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People v. Martinez

Court of Appeal of California, Second District, Division Two
Jan 17, 1958
156 Cal.App.2d 780 (Cal. Ct. App. 1958)


Docket No. 5915.

January 17, 1958.

APPEAL from a judgment of the Superior Court of Los Angeles County. Louis H. Burke, Judge. Affirmed.

Prosecution for unlawful possession of heroin. Judgment of conviction affirmed.

Ernest L. Graves, under appointment by the District Court of Appeal, for Appellant.

Edmund G. Brown, Attorney General, and Elizabeth Miller, Deputy Attorney General, for Respondent.

The defendant was convicted of the unlawful possession of heroin. (Health Saf. Code, § 11500.) An allegation of a prior conviction for the same offense was found to be true. He has appealed from the judgment.

At about 12:15 p.m. on October 8, 1956, Deputy Sheriff Robert Nichols received information from a confidential informant that a narcotics party was in progress at 816 North Cordova, East Los Angeles. Deputy Nichols had received information from the same informant once before, the information resulting in the arrest and conviction of two narcotics addicts. Deputy Nichols proceeded to the above address accompanied by Deputy Wilson, Deputy Stoops and Sergeant Cook. The officers arrived at about 3:15 p.m. and went directly into the back yard. Upon entering the back yard Nichols observed defendant kneeling on the ground near an old cushion from a couch. Three other men were near defendant, two standing and the third leaning against an automobile. Deputy Nichols approached defendant and began to question him concerning narcotics. Nichols also examined defendant's wrists and arms, and observed fresh puncture wounds upon both hands. He then arrested defendant for suspicion of violating section 11500, Health and Safety Code.

Deputy Wilson turned over the cushion lying on the ground near defendant and Deputy Nichols observed a rubber finger stall in the dirt. Wilson picked it up and, in the presence of Deputies Nichols and Stoops and Sergeant Cook, questioned defendant about it. In reply to one of the questions defendant stated, "That junk is mine." The officer then asked defendant how much was in it and defendant replied, "15 caps." Deputy Nichols emptied the contents of the finger stall and counted 15 capsules which were later found to contain heroin.

At the trial defendant testified that the marks on his right hand were from a tattoo. He denied seeing any heroin and denied telling the officers that the "junk" was his or that the finger stall contained 15 capsules.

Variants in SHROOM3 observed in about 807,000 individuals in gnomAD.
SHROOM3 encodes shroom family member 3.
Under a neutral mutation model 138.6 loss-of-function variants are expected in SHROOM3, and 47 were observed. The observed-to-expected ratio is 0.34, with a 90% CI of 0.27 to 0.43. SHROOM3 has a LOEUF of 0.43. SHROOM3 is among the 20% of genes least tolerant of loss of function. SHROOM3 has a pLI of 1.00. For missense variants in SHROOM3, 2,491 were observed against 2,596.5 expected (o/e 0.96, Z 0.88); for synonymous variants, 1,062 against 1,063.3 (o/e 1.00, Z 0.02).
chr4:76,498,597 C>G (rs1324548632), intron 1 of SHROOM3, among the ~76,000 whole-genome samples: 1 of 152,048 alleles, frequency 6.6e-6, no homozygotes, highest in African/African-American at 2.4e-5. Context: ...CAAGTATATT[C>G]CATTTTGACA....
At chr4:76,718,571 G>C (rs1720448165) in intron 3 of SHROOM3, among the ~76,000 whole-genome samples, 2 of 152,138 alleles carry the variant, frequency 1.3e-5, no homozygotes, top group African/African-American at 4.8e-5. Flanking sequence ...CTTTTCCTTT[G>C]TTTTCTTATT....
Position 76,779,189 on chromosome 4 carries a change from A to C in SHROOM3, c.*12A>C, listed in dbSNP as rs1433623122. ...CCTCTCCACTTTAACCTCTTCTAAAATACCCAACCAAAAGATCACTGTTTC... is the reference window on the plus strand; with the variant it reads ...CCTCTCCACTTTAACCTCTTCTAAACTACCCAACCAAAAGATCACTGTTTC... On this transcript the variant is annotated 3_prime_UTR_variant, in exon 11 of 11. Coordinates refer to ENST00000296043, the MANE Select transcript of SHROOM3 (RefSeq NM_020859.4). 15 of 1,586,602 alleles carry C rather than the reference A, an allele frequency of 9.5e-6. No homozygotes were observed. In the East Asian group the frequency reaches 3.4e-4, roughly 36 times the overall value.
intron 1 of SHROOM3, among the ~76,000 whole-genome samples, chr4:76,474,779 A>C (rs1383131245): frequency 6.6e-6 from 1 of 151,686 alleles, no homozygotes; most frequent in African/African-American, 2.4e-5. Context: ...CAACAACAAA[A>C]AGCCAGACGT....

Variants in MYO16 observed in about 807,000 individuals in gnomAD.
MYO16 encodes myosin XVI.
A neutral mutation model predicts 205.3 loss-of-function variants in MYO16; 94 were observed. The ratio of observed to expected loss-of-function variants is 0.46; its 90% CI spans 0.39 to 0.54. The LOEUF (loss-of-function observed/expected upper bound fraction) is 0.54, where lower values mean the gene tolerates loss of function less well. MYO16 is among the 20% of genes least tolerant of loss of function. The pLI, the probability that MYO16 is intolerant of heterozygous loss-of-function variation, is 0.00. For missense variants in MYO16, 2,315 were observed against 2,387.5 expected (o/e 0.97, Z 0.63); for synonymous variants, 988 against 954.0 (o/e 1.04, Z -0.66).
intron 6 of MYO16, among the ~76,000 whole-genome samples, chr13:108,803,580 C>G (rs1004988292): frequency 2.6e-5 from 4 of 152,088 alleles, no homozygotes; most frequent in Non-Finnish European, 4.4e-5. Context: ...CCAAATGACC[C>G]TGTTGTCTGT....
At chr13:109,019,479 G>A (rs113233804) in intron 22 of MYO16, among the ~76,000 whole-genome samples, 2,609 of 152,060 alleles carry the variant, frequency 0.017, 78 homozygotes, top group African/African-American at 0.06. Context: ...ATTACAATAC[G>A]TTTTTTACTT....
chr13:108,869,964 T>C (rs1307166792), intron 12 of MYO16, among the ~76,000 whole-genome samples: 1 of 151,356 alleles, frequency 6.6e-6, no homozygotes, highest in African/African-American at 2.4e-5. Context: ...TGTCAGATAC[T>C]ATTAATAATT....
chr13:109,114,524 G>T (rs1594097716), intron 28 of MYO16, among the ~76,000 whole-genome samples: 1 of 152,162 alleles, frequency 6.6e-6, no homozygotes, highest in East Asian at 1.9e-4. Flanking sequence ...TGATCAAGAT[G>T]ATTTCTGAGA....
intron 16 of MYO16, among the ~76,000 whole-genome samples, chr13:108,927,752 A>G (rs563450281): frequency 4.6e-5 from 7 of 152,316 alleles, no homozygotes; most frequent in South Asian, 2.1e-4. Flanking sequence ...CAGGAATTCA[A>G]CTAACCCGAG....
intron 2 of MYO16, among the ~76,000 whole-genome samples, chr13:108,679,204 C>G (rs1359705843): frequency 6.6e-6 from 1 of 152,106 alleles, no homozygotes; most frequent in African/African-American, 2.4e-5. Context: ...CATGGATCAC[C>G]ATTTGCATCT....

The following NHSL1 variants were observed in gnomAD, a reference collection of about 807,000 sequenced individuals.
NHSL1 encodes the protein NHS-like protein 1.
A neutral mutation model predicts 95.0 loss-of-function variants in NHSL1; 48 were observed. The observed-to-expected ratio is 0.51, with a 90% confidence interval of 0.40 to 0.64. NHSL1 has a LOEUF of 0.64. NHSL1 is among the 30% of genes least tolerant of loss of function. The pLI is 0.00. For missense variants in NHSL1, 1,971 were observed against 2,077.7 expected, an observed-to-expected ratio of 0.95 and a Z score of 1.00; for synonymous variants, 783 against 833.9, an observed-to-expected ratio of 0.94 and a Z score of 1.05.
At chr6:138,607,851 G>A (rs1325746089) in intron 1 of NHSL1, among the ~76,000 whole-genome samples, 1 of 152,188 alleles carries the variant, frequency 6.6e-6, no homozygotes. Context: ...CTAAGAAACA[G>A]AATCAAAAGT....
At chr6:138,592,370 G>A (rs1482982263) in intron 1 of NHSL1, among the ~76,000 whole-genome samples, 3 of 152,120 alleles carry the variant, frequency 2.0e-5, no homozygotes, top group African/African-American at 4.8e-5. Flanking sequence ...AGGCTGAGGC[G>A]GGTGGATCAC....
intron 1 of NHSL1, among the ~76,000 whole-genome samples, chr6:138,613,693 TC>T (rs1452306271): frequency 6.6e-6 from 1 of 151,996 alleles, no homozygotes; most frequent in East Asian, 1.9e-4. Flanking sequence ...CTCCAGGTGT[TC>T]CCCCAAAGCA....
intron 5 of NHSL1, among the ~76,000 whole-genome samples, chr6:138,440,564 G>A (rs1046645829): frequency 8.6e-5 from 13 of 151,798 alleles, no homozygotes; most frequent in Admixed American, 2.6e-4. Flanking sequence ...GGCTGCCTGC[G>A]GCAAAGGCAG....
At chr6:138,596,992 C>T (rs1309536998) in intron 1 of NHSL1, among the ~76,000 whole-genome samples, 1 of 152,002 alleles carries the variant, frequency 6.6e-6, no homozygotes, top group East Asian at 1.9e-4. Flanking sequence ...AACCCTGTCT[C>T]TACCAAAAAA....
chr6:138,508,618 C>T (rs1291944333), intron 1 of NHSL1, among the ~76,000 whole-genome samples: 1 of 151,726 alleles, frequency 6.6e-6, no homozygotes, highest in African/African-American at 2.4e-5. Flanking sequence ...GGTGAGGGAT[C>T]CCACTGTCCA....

[1] Defendant's initial contention is that the statements he made to the officers constituted a confession and that the trial court erred in receiving it into evidence because the prosecution had failed to lay an adequate foundation for its admission. Assuming, arguendo, that the statements did constitute a confession, defendant's contention is nevertheless without merit. In People v. Byrd, 42 Cal.2d 200 [ 266 P.2d 505], the defendant contended that recordings of certain statements he made constituted confessions and were admitted in evidence without any foundation being laid concerning the voluntary character thereof. The court noted (p. 210) that "when these tape recordings were offered in evidence defendant made no objection that a proper foundation had not been laid or that the contents thereof were made involuntarily; and on this appeal defendant has been unable to support such a claim by any evidence in the record. It would appear that a proper objection at the time of trial could have been met by the prosecution, for there is ample support in the record before us that the confessions were voluntary, and there is no evidence which would justify a contrary finding." The court's ruling in the Byrd case is apposite here. Before relating defendant's statements, Deputy Nichols testified that they were "freely and voluntarily" made; defendant neither objected to this testimony, nor sought further foundation by the prosecution, nor cross-examined the officer as to the circumstances surrounding the making of the statements. Nor did defendant object when Deputy Nichols proceeded to testify as to the content of the incriminating statements which the former made. The fact that defendant made the statements in the presence of the four officers and three men who were in the back yard, coupled with the fact that defendant never even intimated in his testimony that any of his statements were made involuntarily, indicates that the prosecution could easily have met any objection which defendant might have made. And there is no evidence in the record to support a claim to the contrary. Under these circumstances it is clear that the defendant may not now impeach the voluntary character of his statements. ( People v. Byrd, supra.)